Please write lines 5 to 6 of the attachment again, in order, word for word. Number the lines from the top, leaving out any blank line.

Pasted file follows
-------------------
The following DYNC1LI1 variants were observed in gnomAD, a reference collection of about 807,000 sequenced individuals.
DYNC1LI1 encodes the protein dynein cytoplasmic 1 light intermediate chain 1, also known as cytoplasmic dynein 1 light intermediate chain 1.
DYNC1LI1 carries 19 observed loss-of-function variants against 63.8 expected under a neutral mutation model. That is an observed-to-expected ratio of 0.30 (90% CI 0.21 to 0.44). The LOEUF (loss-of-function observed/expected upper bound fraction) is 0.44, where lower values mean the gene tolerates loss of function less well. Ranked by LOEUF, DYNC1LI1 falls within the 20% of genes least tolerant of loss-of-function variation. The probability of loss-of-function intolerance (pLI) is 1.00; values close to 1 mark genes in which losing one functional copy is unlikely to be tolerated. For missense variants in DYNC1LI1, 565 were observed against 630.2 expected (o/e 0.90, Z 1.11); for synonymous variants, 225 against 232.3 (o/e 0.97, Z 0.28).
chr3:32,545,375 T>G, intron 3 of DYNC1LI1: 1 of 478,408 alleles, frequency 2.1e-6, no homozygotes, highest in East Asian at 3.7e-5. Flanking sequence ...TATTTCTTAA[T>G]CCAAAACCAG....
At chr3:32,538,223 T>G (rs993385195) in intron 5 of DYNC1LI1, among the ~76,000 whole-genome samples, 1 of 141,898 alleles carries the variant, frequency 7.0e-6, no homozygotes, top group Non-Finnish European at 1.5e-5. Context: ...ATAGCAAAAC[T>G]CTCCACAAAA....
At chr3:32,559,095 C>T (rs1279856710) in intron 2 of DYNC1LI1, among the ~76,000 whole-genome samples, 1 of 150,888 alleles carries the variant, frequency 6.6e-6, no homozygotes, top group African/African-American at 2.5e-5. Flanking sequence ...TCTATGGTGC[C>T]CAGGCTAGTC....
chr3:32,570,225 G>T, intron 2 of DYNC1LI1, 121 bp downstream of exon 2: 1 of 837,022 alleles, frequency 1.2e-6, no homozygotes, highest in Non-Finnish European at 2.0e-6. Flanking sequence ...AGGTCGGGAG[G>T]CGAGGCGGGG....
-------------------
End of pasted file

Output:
At chr3:32,538,223 T>G (rs993385195) in intron 5 of DYNC1LI1, among the ~76,000 whole-genome samples, 1 of 141,898 alleles carries the variant, frequency 7.0e-6, no homozygotes, top group Non-Finnish European at 1.5e-5. Context: ...ATAGCAAAAC[T>G]CTCCACAAAA....
At chr3:32,559,095 C>T (rs1279856710) in intron 2 of DYNC1LI1, among the ~76,000 whole-genome samples, 1 of 150,888 alleles carries the variant, frequency 6.6e-6, no homozygotes, top group African/African-American at 2.5e-5. Flanking sequence ...TCTATGGTGC[C>T]CAGGCTAGTC....